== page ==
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If it’s the Czech works you’re after, do not hesitate

  Founder: Len Mullenger
Classical Editor: Rob Barnett

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Franz SCHUBERT (1797-1828)
Piano Sonata in C minor D.958 [31:30]
Felix MENDELSSOHN (1809-1847)

Songs without Words, op. 19: 1 [03.33], 2 [02:18], 3 [02:18], 5 [02:45], 6 [03:07]
Fryderyk CHOPIN (1810-1849)

Nocturne in B flat minor op. 9/1 [06:27]
Claude DEBUSSY (1862-1918)

Images, Book 1 [15:22], Hommage à Haydn [02:34], Líisle joyeuse [05:55]
Sviatoslav Richter (piano)
Recorded live at Szeged, Hungary in 1972
DOREMI DHR-7766 [76:07]

Richter reissues and discoveries continue to pour in from all sides. This one proclaims "Richterís only released recordings ever of Mendelssohnís Songs without Words, Chopinís Nocturne no. 1 and Debussyís Hommage à Haydn", which sounds like a red-letter day for Richterites. Well, "Up to a point, Lord Copper".

Itís a strange thing, but Iíve heard dreadful recordings, classic ladiesí handbaggers, including some of Richter, where, in spite of the murk, "through a glass, dimly", one was left in no doubt that great and wonderful things were taking place. This one certainly didnít come from any ladyís handbag. The microphone is oppressively close to the piano in the Schubert and for the rest of the programme seems to have been actually inside it. We have heard recordings in which Richter span a liquid legato, every note a pool of light. Here every note has an aggressive ping, those above mezzoforte suggestive of breaking crockery. If it were not that an audience can occasionally be heard coughing in the far distance, and applauding the pieces, I might have supposed that I was hearing a cheap modern upright recorded in a tiny padded cell of a studio on a small portable recorder. How has this come about?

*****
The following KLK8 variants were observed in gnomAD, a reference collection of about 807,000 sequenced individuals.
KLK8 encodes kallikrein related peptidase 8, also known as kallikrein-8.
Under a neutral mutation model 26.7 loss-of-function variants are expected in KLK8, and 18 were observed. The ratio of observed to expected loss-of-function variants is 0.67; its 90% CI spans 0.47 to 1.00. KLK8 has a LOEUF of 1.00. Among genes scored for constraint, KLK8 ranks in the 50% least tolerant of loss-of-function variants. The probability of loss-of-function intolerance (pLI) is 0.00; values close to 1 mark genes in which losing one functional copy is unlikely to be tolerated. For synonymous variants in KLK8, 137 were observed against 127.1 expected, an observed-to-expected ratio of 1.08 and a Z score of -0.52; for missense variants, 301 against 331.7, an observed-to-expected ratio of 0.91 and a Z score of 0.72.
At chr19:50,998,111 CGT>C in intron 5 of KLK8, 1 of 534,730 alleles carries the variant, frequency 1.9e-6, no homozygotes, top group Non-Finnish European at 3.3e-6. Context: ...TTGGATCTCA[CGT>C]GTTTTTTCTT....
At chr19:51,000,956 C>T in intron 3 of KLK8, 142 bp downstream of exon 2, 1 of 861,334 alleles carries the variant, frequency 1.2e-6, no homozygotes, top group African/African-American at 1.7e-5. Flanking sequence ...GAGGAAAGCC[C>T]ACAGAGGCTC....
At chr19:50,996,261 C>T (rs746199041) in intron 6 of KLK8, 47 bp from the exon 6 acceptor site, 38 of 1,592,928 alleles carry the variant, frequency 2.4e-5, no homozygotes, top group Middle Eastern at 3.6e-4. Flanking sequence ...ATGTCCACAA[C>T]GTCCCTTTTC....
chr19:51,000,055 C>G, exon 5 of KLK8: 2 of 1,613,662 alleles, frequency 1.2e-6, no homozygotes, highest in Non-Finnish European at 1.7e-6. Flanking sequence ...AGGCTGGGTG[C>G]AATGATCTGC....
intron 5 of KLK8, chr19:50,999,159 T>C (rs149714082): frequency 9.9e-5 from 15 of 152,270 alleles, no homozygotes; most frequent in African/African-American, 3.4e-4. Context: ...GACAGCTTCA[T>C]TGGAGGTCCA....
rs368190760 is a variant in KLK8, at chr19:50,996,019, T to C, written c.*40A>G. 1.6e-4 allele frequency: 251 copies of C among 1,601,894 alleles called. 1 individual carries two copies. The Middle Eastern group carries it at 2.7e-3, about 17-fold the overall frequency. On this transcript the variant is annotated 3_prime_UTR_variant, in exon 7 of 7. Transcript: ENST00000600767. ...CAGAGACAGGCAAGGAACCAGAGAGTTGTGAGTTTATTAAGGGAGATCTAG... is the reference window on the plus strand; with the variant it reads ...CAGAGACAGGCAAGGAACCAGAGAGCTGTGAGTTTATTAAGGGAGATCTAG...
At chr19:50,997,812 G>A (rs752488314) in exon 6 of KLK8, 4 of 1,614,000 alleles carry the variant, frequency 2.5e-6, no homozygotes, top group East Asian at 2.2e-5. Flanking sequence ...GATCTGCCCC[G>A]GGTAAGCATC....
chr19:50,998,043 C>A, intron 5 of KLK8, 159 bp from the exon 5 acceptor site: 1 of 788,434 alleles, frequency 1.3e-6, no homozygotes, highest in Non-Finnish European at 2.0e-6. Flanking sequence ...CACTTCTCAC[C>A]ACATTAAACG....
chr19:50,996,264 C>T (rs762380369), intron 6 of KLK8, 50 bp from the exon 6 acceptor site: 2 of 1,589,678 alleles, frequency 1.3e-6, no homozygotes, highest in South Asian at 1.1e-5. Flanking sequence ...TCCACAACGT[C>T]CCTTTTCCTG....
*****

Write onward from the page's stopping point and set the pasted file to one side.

I can think of two ways. In countries where there is no Musicianís Union to keep a beady eye open for untoward recording activity, people even plonk their little cassette recorders right up on the stage without any objection being made (they were still doing this in Italy in the 1980s). If the source was something like this, then maybe Doremi have done miracles to make it sound even as good as it does. However, those little recorders inevitably produce a lot of wow, and the sound here is at least firm and steady. Which makes me look for another solution, and I wonder if this is a perfectly respectable radio broadcast that has been aggressively cleaned up, for the sound is remarkably similar to what you get if you apply a very high level of dehissing and denoising (certainly there is suspiciously little hiss or noise for an analogical recording), consequently squeezing out all the natural ambience together with the other noises, and then try to "correct" the resultant muffled sound by increasing the upper partials and raising the brilliance enhancer. The effect is totally artificial, just as it is here, where Richter actually seems to be playing an electronic piano. If this second explanation is true, then there remains some slight hope that we may one day hear this recital in more palatable sound.

And yet, I get the idea that Richter himself was in one of his enigmatically unyielding moods for much of the evening. After all, there are brief patches of delicate playing in the Scherzo of the Schubert, so presumably the microphone would have registered others had they been there. Of course, if you want your Schubert with Viennese charm and schmaltz, you wonít go to Richter in the first place, and there is a granitic purposefulness to the first movement which is impressive, but I donít see how improved recording could transform his Prokofief toccata-like onslaught on the finale into anything but a devastatingly insensitive demolition of the music.

Similarly, there is real Richter magic in the last of the Mendelssohn pieces, the G minor Gondola Song, raising the doubt that the grumpiness of no. 2 is a true picture, and I donít see how you could define no. 3 (the so-called "Hunting-Song") as other than relentless piano-bashing, and none too accurate either.

Thereafter things are much better. The unpleasantness of the fortes (not too numerous, luckily) cannot hide the fact that the Chopin is unfolded with miraculous calm (and remember that we have no other source for Richter playing this) and that the first Image, "Reflets dans líeau" is wonderfully poised and iridescent at a tempo that would spell disaster for most of us. While we may reasonably prefer other Richter versions of the Images, if our only opportunity to hear him play "Hommage à Haydn" is to be this one, it is more welcome than not. "Líisle joyeuse" is incredibly clear but the ending has, as recorded, a Stravinsky-like brittleness.

Fully paid-up Richterites will want this anyway, and will know how to judge it. As an introduction to Richterís art it is actually dangerous and could well give a quite misleading impression. You have been warned.

Christopher Howell

 

 



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